If you have smoke detectors installed in all of the right places and they are less than ten years old, that’s only part of the challenge. Resolve to check them at least once per month and keep them clean by periodically vacuuming them using an upholstery brush. Dust prevents the sensor from doing its job! And checking a detector to ensure that it is working involves more than pushing the “test” button – that only determines that the unit has power and that the alarm is functioning. Test the sensor wafting smoke from a candle or by using a smoke substitute in an aerosol can available at most home sensors and hardware stores.

Slips and falls: Slips and falls are among the leading cause of serious home injuries, many of which result in death. Not surprising, a majority of interior falls occur in the bathroom – specifically in the bath tub. You can avoid a nasty fall by installing non skid decals to the surface of the tub. If you’re not into “flower power” decals that went out with olive appliances, clear sheets that appear to be integral to the tub are now available. The key to a lasting installation is a clean tub. Scrub the tub with a nonabrasive cleanser, rinse, dry and wipe down with denatured alcohol.

Another means of avoiding falls is by installing grab bars to make it easier to get in and out of the tub or shower. Towel bars or toilet tissue holders are poor substitutes. Use only approved grab bars such as those that you might find in a commercial bathroom. Equally important is the quality of installation. Grab bars must be solidly anchored to framing – studs or blocking – using screws.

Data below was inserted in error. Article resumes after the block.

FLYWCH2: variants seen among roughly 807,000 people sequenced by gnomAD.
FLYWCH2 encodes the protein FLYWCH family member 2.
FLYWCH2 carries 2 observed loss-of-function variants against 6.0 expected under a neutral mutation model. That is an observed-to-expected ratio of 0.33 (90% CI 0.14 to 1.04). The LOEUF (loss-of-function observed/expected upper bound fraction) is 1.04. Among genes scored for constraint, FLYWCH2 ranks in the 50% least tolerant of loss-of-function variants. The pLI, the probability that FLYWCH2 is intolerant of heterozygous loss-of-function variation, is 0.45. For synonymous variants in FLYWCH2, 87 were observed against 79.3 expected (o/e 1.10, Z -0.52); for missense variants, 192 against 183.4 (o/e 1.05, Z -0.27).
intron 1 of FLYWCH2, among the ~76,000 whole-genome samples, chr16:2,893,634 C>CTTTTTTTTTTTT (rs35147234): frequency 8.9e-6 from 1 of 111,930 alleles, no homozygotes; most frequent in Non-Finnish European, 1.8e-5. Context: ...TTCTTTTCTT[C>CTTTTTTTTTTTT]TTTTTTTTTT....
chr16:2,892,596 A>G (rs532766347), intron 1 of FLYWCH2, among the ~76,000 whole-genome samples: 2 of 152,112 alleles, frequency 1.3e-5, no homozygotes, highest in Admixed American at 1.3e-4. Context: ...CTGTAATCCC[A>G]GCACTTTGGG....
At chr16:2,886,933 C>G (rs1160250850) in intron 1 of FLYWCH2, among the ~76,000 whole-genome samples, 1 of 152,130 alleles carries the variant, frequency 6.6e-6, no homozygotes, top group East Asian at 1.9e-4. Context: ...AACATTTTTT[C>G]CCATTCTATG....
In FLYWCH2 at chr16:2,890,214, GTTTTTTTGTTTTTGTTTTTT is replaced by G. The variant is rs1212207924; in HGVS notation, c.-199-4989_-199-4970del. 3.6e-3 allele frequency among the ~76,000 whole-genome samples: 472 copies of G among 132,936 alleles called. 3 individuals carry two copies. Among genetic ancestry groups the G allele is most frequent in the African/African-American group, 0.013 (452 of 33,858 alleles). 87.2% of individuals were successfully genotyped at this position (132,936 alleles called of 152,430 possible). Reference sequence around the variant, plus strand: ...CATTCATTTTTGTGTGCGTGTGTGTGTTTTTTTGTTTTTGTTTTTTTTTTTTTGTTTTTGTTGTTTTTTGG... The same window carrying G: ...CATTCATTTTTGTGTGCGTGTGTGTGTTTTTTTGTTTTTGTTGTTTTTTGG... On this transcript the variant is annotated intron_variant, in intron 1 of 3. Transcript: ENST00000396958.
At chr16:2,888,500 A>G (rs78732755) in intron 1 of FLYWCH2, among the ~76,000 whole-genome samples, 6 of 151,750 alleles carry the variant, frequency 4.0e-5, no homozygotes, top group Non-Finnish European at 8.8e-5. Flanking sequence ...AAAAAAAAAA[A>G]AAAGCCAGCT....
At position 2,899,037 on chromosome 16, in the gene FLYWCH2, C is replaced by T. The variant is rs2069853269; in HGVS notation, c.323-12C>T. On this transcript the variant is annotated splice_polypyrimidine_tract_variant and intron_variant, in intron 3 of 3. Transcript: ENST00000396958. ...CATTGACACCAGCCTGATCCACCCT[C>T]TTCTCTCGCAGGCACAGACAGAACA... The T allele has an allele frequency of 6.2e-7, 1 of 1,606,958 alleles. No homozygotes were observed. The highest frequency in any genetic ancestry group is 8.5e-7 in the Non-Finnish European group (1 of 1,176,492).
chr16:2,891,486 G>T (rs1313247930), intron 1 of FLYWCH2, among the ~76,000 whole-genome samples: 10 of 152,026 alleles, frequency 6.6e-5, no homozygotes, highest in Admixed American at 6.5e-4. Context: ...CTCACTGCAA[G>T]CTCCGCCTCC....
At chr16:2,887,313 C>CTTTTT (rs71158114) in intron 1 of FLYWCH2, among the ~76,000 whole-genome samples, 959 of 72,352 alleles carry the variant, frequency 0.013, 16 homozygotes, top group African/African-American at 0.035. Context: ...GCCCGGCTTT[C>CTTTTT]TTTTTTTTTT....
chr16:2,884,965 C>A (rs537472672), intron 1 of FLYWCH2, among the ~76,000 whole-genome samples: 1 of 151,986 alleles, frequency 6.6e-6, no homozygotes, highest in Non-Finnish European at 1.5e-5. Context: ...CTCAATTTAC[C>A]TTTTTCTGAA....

Exterior falls are especially prevalent during winter. Rain, snow and ice are common causes of nasty falls. Keep snow shoveled and use ice melt or sand on paths to prevent falls. Another source of nasty falls is a slimy moss that builds up on paths, patios, decks and steps. Use a mild solution of bleach, detergent and hot water (one-third cup powdered laundry detergent, one quart of liquid chlorine bleach and one gallon of hot water) to clean up the slimy surfaces. Mix up the solution and apply it with a pump garden sprayer. Allow it to sit for a few minutes, but don’t let it dry out. Work it in with a stiff bristle broom and rinse with fresh water. Using a pressure washer will make the job easier. In the spring when weather is warmer, consider using a sealer on concrete to prevent a feeding ground for moss and apply non skid pads to steps.

Exterior lighting: Motion sensor lighting can prevent nasty falls and protect you and your home from intruders. Motion sensors recognize body heat in motion and turn on lighting for a brief period. They are especially useful if you have an armload of groceries or are searching for you house key in the dark. Motion sensors can be installed as an add-on to most existing fixtures or may be purchased as an integral part of a new fixture. In either case, install them at all exterior doors and in dark locations surrounding your home. Low voltage path lighting is another excellent means of avoiding a nasty fall and, as a bonus, it can perk up the appearance of your place.

Here’s to a safe and Happy New Year!

For more home improvement tips and information visit our website at www.onthehouse.com or call us at 1-800-737-2474 every Saturday, 9 AM to 1 PM EST.